I live in rental accommodation. That means I am not a rate payer and that can mean that in some peoples eyes I don’t get a say in local democracy. For example when the letters over whether people wanted wheelie bins or bags were sent out they went to the house owners rather than tenants. As a significant number of houses on the island are second homes or rentals that meant that many of those letters were being sent to Auckland, other parts of NZ and even to other parts of the world. How clued in do you think those owner/ non occupiers might be?
Anyway I was a bit concerned that the same would be happening when it comes to the super city and the new local board so I asked our Councillor Denise Roche for some further information. Here is her reply.
Who can vote?
From what I’ve read the third bill is pretty much the same as it has been under the Local Government Act and what happened last elections. (There might be a change about long term commercial renters – but I’m still finding out about that.)
So what happens is:
All people on the electoral role can vote whether they are renters or landowners. You do get to vote for your councillor and your local board. – so long as you have remembered to register on the electoral roll.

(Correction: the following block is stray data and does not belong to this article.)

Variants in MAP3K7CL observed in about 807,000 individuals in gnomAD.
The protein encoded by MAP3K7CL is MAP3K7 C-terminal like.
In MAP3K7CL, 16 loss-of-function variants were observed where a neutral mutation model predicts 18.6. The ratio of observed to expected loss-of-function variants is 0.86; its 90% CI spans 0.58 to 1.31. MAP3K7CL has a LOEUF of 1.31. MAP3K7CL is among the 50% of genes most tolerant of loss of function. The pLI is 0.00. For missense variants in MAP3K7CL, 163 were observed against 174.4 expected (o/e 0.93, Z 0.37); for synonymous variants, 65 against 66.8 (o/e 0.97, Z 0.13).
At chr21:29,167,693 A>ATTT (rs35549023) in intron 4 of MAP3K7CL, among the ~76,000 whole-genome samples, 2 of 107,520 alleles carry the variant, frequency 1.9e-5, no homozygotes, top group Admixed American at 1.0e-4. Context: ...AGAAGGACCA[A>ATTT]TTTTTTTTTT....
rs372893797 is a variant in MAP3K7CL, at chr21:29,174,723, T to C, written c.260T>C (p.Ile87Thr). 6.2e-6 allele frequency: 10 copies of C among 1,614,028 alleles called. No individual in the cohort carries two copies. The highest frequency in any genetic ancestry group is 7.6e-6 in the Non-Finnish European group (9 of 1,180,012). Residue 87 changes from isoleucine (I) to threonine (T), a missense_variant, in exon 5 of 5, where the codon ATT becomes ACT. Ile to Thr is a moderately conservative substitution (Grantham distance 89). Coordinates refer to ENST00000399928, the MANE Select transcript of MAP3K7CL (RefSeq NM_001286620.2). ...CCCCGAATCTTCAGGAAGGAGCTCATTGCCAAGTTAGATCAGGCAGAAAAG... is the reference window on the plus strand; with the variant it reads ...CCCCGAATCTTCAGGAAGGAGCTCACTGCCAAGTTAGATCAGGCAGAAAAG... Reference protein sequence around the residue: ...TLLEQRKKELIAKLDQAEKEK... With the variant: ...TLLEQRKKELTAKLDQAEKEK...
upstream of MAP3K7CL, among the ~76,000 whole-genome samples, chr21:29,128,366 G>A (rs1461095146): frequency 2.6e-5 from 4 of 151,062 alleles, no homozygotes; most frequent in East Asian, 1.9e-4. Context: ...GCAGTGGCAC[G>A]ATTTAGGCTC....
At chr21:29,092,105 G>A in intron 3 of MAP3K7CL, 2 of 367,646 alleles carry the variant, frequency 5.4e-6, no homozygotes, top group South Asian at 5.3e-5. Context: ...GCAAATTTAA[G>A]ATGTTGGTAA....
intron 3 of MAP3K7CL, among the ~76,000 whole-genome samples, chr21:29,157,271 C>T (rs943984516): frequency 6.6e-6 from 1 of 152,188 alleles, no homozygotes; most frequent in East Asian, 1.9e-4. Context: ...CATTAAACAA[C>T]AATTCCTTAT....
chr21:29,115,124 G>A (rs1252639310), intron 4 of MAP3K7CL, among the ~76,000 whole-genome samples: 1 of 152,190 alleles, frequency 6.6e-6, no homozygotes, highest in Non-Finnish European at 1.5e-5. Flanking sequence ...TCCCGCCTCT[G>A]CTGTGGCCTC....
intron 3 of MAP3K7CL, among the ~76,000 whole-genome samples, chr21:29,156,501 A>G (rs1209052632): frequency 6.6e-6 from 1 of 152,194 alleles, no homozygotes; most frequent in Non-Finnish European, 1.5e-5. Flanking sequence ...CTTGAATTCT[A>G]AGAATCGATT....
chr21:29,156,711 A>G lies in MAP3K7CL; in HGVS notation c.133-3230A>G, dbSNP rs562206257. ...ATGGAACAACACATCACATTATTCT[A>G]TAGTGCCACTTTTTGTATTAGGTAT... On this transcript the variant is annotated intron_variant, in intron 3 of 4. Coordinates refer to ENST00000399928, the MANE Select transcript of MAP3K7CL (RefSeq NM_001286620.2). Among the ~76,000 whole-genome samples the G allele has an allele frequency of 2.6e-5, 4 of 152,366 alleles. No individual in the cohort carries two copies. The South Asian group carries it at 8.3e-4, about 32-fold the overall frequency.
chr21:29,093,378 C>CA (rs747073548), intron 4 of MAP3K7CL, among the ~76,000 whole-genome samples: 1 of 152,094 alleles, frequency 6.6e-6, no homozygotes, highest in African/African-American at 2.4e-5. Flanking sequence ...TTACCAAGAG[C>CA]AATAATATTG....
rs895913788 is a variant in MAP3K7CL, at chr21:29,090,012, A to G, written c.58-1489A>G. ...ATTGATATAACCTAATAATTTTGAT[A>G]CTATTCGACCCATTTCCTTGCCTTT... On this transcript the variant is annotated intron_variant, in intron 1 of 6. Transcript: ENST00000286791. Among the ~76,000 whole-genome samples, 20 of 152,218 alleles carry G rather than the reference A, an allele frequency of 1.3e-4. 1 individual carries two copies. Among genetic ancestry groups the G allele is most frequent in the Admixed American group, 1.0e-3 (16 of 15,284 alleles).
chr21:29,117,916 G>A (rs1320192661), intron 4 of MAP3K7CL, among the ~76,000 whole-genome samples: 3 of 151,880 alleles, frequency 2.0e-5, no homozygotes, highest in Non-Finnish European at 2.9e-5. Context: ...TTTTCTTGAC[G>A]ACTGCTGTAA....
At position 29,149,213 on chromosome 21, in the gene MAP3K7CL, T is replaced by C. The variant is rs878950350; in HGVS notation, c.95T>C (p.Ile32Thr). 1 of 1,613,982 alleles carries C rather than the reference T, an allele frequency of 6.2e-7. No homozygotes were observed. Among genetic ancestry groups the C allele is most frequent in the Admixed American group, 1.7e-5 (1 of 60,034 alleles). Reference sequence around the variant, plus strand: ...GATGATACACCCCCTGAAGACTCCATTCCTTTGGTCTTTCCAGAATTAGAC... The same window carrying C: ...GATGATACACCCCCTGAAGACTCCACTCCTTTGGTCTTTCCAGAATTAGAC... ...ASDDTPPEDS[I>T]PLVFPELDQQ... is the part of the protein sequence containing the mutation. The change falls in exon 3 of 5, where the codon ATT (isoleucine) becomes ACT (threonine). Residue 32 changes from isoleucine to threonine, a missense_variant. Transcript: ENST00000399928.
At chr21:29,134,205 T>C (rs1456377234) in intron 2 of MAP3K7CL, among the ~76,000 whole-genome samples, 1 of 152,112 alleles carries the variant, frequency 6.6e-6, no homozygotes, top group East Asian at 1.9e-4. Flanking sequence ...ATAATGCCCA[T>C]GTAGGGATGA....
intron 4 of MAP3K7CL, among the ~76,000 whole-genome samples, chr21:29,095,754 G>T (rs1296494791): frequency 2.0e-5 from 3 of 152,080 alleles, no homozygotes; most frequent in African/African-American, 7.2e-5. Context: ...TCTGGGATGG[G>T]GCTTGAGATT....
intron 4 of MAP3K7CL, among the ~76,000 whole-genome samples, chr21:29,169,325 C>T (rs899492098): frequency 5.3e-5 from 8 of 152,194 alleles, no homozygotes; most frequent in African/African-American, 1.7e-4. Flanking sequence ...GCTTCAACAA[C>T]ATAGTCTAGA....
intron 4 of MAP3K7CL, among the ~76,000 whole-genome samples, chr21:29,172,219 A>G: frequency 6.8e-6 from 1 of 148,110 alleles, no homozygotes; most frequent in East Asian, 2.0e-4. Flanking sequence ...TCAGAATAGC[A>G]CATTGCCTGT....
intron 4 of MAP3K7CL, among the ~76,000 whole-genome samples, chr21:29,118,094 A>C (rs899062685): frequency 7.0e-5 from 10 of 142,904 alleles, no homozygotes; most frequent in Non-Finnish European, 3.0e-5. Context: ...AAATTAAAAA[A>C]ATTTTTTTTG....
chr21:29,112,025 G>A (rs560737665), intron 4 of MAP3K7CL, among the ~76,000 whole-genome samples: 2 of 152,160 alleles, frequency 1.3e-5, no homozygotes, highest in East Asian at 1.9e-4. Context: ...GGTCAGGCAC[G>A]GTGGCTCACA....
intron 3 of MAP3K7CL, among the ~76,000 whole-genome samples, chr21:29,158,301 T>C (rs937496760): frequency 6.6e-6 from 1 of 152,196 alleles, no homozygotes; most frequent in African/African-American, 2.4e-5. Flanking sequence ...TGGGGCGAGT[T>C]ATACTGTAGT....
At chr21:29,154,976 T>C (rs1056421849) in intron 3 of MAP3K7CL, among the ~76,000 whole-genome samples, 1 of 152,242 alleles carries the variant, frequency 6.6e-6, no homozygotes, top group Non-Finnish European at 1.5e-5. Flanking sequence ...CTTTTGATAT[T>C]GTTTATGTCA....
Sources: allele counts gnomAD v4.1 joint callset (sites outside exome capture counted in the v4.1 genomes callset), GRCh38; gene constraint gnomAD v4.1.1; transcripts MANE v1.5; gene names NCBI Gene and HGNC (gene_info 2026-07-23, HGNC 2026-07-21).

[ you can check whether you are registered at https://secure.elections.org.nz/app/enrol/ ed]
The issue gets confusing where voters own more than one property in the area or in another area in the Local Authority area.
So scenario A is where Ms X owns two properties on Waiheke and lives on Waiheke: She gets ONE vote for councillor and also for the Local Board for Waiheke.
Scenario B is where Mr Y owns a property on Waiheke and one on the North Shore and his electoral roll address is the North Shore. Mr X gets to vote for the North Shore councillor and the North shore local board AND the Waiheke Local Board. Mr X’s tenant on Waiheke (as long as he’s on the electoral roll) gets to vote for the Waiheke ward councillor and the Waiheke Local Board as well.
Scenario C is where Mrs Z owns three properties – one on Waiheke, one in Papakura and one in Massey. She lives on Waiheke. – The same rule applies: she gets to ONE vote for councillor but can vote for all the Local Boards in the area where she owns properties.
So yes, in a nutshell – it is more than one vote one person for the election of Local Boards.
Clear as mud?
Kind regards. Denise